Today’s spooky guest-post was written by Charles Fletcher.
HAUNTS, GHOSTS, AND BOOGERS written by Charles Fletcher
The people that lived in the mountains of Western North Carolina when I was a boy believed in many strange things. They believed in the supernatural. They were believers in “Haunts, Ghosts and Boogers”. If one of the children did something that they were not supposed to they were threatened by their parents. “The haunts, ghosts or boogers will get you.” This usually did the job. The children believed there were such things.
There is a difference in these three supernatural threats. The one used depended on how bad a thing you did. The Booger was used for the lesser punishment. These were the things that were under your bed and would do you harm after you went to sleep. One of these threats would have us keeping our head under the covers on the bed.
Next were the Ghosts. This was where you would see white sheets and other scary objects floating around in the dark. It was thought that they would get you under their sheet and carry you away.
The Haunt or Haint was the really bad one. It was meaner than the others. These were where you would see someone riding a white horse with his head in his hand. You could actually see the blood on the white sheet he would be wearing. Other times there would be some sort of thing flying over your head dressed in white and screaming and making other scary noises. This was the one we were most scared of.
When I was a boy we were living in the Piedmont section of North Carolina. My dad quit working in the paper mill and we moved to Gastonia. My grandma, dad’s mother, had a large house where she kept boarders. They were workers in one of the many cotton mills that didn’t have a home. Cotton was the king of this area and the mills were hiring anyone that applied for a job.
We had lived there about one year when mom began to want to visit her family back in Western North Carolina. Dad agreed that my mom, sister, brother and I could go on the train for a visit. He would get the tickets and schedule. Mom was to write a letter to grandpa Pressley telling him when we would be there.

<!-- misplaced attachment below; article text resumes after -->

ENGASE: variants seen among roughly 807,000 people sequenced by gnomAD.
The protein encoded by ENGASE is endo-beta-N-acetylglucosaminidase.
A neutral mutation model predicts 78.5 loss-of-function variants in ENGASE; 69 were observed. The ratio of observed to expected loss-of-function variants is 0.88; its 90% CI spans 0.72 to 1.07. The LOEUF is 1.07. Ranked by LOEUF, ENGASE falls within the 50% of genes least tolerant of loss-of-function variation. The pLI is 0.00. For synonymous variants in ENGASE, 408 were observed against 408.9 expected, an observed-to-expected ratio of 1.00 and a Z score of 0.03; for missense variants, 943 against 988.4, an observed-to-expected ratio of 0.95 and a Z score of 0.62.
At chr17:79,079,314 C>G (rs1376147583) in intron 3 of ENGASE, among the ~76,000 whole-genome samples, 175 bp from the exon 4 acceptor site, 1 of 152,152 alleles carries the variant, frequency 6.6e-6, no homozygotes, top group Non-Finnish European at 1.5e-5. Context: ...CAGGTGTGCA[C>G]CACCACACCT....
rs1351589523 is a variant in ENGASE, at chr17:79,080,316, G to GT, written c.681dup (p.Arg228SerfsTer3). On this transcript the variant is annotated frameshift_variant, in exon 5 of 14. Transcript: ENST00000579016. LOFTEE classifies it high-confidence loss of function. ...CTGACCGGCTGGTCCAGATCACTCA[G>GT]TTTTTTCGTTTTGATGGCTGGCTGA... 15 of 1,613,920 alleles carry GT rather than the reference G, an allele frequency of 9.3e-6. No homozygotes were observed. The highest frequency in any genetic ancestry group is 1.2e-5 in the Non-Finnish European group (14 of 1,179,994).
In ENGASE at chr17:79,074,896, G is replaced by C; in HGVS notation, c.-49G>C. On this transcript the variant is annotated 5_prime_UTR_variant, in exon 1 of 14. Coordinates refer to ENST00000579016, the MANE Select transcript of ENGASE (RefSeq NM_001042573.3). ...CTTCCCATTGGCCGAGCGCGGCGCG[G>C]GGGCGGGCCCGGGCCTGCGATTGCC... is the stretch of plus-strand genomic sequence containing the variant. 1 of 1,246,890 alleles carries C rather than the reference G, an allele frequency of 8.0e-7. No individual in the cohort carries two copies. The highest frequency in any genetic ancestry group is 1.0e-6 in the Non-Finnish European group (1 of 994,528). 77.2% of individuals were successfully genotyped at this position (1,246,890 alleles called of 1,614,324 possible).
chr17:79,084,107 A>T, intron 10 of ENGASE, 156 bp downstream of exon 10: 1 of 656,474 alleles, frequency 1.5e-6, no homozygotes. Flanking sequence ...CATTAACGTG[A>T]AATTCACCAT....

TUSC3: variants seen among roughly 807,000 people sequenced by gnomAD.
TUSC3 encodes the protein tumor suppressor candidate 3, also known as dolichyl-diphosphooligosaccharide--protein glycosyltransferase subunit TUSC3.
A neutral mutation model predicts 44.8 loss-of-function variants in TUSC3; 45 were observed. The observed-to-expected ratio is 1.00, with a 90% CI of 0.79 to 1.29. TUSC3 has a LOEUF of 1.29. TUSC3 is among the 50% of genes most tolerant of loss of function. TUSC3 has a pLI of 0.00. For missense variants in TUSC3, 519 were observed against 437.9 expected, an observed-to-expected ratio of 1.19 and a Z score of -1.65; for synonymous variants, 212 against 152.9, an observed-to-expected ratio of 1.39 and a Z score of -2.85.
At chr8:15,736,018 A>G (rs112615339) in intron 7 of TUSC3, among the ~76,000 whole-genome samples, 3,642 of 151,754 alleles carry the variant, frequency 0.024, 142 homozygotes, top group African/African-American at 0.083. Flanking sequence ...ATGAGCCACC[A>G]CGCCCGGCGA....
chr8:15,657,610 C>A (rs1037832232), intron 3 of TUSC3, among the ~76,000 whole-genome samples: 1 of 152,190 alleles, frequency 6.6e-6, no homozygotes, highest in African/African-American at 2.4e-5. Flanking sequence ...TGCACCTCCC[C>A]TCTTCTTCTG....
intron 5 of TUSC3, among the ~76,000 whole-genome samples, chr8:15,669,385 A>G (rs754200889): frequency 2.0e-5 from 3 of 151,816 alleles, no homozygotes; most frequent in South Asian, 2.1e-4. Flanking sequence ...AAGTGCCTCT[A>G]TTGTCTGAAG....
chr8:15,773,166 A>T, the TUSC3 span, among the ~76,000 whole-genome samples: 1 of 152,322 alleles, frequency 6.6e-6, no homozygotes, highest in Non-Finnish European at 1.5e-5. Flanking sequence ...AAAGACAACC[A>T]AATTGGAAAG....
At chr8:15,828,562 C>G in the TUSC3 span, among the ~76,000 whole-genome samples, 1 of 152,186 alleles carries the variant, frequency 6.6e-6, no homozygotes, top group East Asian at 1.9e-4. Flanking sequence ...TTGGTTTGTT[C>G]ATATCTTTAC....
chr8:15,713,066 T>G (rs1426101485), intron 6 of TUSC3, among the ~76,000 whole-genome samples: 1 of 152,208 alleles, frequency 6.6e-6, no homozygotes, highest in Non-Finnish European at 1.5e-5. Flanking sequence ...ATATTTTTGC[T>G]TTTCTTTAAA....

We children were really excited about the train ride and that we were going to grandpa Pressley’s house. The big day arrived and we headed for the train station that was located on the other side of town. This was about a two mile walk for mom who had to carry the suit case and keep us three kids together. We were at the station about one hour before the coal fired steam engine with the passenger cars arrived. Mom didn’t want to miss the train. It only went to Canton about once each week.
“All aboard” the conductor hollered. We were in our seats in nothing flat. I got the window seat because I was the oldest. I promised to let TJ and Louise have the window seat on part of the trip. We would be on the train for most of the day. I don’t recall what route it took but I know that the train went through the tunnels of Black Mountain before we arrived at the Asheville station. There were many stops along the way. It seemed that we stopped at every village to pick up and leave mail and other things.
Finally in the late evening we arrived at the station in Canton. Grandpa and one of my Uncles were there to meet us. They, like most everyone else in the 1930s, didn’t have a car. We would walk the two or more miles to his house. We didn’t mind. We were used to walking everywhere we went.
After a couple of days we asked where Uncle Fred lived. Grandpa said that it was about a mile to his house. He lived in the section called West Canton. “I want to go visit him before we go back home,” I said.
That evening after supper Uncle Clifford, mom’s youngest brother who was two years older than me said he would go with TJ and me to visit Uncle Fred. “Don’t stay too late” mom said. “Something might get you she joked.” “We are not afraid after dark,” I said. We were soon on our way.
When we arrived at Uncle Fred’s house he was setting on the porch talking with one of his neighbors who was visiting. They were discussing nothing in particular, just talking about what had happened since they talked the last time they were together.